A British government minister says up to 400,000 Somali children could die of starvation unless urgent action is taken.
International Development Secretary Andrew Mitchell on Wednesday made the first visit in 18 years by a British minister to Somalia's capital, Mogadishu, where he met with government leaders and aid groups.
Mitchell said in neighboring Kenya that Britain will give UNICEF more than $41 million in additional aid. That will allow nearly 200,000 people to have two months of supplementary food rations and vaccinations against measles for 800,000 children.
More than 12 million people need food aid in drought-struck East Africa. More than 2 million live in areas controlled by the Somali militant group al-Shabab.
While the famine in southern Somalia has grabbed headlines, southern Ethiopia is teetering on the brink of a food crisis. The Ethiopian government says 250,000 people need food aid amid what the U.N. says is the worst drought in 60 years. An aid organization and agricultural officials say the number of people who need emergency food aid in Ethiopia is bigger, around 700,000.
The rains never came as they usually do late February to the end of May. If they fail again in August, there won't be a harvest in September.
People without food aid will "definitely be in trouble," World Food Program officer Yohannes Desta said. "Do these people have enough resilience to survive? I don't think so."
On Tuesday, the United Nations said the mortality rate among young children at a camp for Somali refugees in Ethiopia has reached alarming levels, with an average of 10 children under five dying every day since the Kobe camp in southeast Ethiopia opened in June.
The camp holds 25,000 refugees. A suspected measles outbreak combined with acute malnutrition is thought to be the cause of deaths, said Adrian Edwards, a spokesman for the U.N. High Commissioner for Refugees.
On Tuesday, the U.N. World Food Program insisted it won't reduce emergency aid shipments to Somalia despite allegations of fraud, saying that though such complaints are frequent it doesn't believe there have been big losses.
WFP said it is bringing 5,000 tons a month of food into the Somali capital of Mogadishu to help the famine-hit nation. Tens of thousands of people each week are fleeing famine in Somalia to neighboring Ethiopia and Kenya.
An investigation on the ground by The Associated Press found that sacks of grain, peanut butter snacks and other food staples meant for starving Somalis are being stolen and sold in Somali markets, raising concerns that the unscrupulous are stealing from international famine relief efforts. One official in Mogadishu estimated to the AP that up to half of the recent food shipments may have been stolen.
Also on Tuesday, the World Bank's lead economist for Kenya, Wolfgang Fenglerk, told Reuters that the famine in the Horn of Africa is manmade — the result of artificially high prices for food and civil conflict.
"This crisis is manmade," Fengler said in a telephone interview. "Droughts have occurred over and again, but you need bad policymaking for that to lead to a famine."
Some 12.4 million people in the Horn of Africa — including Somalia, Kenya, Ethiopia and Djibouti — are affected by the worst drought in decades, according to the United Nations. Tens of thousands of people have already died.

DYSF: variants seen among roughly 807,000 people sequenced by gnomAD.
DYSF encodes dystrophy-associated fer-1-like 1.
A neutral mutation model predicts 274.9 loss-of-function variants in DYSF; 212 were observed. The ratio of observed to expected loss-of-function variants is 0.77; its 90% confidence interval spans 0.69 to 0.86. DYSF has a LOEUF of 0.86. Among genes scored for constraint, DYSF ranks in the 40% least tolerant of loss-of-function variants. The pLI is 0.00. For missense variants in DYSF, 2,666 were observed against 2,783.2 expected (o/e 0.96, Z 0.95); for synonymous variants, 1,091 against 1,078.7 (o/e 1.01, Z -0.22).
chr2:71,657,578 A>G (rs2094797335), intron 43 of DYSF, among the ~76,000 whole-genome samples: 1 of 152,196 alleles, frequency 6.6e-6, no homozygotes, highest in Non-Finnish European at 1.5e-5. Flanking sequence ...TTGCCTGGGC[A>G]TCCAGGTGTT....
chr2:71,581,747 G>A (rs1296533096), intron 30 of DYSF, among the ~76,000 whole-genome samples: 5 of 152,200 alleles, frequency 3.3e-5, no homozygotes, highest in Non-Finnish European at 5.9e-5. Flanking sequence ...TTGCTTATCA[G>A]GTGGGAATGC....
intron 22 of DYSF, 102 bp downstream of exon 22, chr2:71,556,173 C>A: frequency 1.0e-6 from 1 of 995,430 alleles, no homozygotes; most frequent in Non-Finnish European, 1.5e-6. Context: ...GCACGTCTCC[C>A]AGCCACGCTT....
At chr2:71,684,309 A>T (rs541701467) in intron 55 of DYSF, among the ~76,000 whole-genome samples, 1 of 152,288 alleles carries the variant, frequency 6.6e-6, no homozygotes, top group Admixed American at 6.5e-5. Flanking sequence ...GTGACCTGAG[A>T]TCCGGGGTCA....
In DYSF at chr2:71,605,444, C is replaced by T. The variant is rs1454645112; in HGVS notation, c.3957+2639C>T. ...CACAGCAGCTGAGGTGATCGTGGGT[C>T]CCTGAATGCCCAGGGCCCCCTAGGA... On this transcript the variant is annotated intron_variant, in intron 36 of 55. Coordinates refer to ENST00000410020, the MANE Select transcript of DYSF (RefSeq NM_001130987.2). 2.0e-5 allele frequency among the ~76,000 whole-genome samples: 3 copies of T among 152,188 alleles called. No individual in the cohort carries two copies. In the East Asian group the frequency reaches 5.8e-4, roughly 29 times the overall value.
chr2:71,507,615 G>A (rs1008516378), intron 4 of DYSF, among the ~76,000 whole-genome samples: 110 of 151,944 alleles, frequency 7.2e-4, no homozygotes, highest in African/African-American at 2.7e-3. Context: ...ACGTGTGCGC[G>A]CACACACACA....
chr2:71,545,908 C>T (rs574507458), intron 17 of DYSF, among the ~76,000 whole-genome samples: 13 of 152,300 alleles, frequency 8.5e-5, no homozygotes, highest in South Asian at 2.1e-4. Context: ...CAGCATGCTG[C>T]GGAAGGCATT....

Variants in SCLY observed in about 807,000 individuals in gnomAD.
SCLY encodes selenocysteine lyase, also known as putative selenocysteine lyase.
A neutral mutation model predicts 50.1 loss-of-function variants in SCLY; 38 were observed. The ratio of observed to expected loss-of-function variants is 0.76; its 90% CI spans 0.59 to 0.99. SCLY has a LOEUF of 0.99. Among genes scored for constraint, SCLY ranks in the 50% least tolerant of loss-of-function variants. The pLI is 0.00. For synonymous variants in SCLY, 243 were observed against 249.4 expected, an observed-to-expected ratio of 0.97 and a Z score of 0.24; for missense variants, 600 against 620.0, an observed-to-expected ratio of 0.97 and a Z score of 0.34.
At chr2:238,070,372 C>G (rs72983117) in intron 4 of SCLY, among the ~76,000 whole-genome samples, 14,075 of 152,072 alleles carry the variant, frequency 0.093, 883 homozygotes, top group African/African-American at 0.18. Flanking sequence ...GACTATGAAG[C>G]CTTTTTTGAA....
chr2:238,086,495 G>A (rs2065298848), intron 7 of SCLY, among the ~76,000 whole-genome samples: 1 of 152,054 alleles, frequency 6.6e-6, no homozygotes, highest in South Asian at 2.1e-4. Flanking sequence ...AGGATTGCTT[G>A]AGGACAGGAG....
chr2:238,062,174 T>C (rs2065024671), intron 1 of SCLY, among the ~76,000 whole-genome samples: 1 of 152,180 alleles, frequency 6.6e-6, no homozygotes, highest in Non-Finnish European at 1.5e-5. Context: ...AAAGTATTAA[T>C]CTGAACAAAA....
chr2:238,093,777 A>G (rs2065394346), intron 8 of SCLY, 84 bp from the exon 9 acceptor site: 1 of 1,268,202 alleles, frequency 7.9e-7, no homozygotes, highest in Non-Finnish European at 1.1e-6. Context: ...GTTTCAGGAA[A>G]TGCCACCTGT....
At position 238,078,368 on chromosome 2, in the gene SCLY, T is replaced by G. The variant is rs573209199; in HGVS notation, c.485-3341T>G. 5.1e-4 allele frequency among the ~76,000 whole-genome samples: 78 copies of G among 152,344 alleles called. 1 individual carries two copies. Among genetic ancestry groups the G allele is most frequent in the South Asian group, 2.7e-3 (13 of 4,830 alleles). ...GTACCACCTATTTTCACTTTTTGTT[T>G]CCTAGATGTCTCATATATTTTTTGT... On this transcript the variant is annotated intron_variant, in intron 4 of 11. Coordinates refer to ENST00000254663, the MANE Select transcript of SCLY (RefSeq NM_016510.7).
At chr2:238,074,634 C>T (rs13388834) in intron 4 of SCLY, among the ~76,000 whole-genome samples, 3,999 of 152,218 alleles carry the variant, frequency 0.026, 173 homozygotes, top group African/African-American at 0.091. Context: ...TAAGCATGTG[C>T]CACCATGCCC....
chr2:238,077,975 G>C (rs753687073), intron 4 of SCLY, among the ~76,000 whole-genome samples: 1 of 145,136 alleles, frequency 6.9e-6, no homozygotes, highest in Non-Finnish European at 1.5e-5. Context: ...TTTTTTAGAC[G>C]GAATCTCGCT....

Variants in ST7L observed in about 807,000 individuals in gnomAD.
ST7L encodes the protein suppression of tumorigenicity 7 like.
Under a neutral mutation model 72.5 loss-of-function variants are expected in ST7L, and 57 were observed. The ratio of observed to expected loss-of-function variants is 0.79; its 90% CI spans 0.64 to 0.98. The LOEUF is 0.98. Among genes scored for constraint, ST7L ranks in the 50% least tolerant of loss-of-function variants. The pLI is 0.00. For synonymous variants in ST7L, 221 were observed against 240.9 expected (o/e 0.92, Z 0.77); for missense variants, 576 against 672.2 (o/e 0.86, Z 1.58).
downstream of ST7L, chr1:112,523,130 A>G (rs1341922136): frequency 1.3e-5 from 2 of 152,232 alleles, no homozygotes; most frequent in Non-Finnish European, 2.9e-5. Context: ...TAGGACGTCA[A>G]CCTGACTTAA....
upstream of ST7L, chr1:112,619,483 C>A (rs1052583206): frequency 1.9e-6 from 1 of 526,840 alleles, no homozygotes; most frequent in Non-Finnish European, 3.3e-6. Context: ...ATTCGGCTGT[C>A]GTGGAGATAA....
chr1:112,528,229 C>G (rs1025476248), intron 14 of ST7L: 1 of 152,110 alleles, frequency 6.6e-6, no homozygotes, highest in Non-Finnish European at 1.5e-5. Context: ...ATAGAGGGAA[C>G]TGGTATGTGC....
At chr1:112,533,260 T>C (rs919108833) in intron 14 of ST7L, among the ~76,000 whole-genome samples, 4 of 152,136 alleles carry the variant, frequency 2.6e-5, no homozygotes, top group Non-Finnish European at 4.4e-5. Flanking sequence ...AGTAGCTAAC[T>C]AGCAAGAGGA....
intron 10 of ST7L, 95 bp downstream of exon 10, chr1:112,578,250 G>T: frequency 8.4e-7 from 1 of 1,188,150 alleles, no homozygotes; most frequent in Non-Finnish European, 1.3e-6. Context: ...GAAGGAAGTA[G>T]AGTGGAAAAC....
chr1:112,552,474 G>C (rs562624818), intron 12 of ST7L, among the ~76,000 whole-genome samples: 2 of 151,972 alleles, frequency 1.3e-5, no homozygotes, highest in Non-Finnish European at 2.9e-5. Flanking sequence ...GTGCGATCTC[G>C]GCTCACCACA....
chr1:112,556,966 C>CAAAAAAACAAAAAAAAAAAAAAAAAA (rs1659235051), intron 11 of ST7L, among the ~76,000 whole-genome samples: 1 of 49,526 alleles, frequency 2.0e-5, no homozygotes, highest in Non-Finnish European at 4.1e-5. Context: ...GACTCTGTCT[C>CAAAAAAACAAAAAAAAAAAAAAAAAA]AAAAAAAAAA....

'Caught in a dilemma'
Nurses at a food center in Shebedino, one of many in Ethiopia, said they see about 50 severely malnourished children a month. A year ago an average of only six underfed children received treatment there per month.
Berhanu, a 1½-year-old baby, has twig-thin arms and weighs half of what he should. Shundure Tekamo, a mother of six, brought Berhanu to the feeding center for the second time in six months.
"I'm caught in a dilemma," she said. "I want to save my child but who is feeding my children at home?"
Shundure said there was no food to feed them when she left home and she expects her husband to come up with an alternative to "improve our life."
This ethnically diverse region is overpopulated. Most families have six or more people, but farmers till only tiny, state-owned plots.
Farmers should diversify crops and have smaller families, Yohannes said. The Ethiopian government, which is giving out cash to the hungry as food reserves have dwindled, prefers to resettle southern farmers to less densely populated and more fertile areas, mostly hundreds of miles away. This year 86 farmers from Shebedino who the government says have volunteered for resettlement have been moved to Benchmaji in the southwest of Ethiopia.
While the authorities claim the resettled farmers are better off, Yohannes questions its success. "The problem is that people get resettled to places with a different culture and different agricultural practices," he said.
While chopping with his machete at a false banana tree stem — an edible, drought-resistant plant indigenous to Ethiopia's south — to feed his donkey, Tessema Naramo said he is one of the few villagers whose children don't face malnutrition. Tessema is an 80-year old farmer and father of nine. His oldest is 37. The youngest is 5.
"The weather has changed and ruined my harvest in the last couple of years, so I diversified my crops," he said. Next to the usual corn and coffee, he planted banana and avocado trees and started growing eucalyptus trees, which people use for firewood or house-building material. It turned out to be a lucrative business.
But now amid the prolonged drought, Naramo is using his crops to feed his own family, "and even that is hardly enough."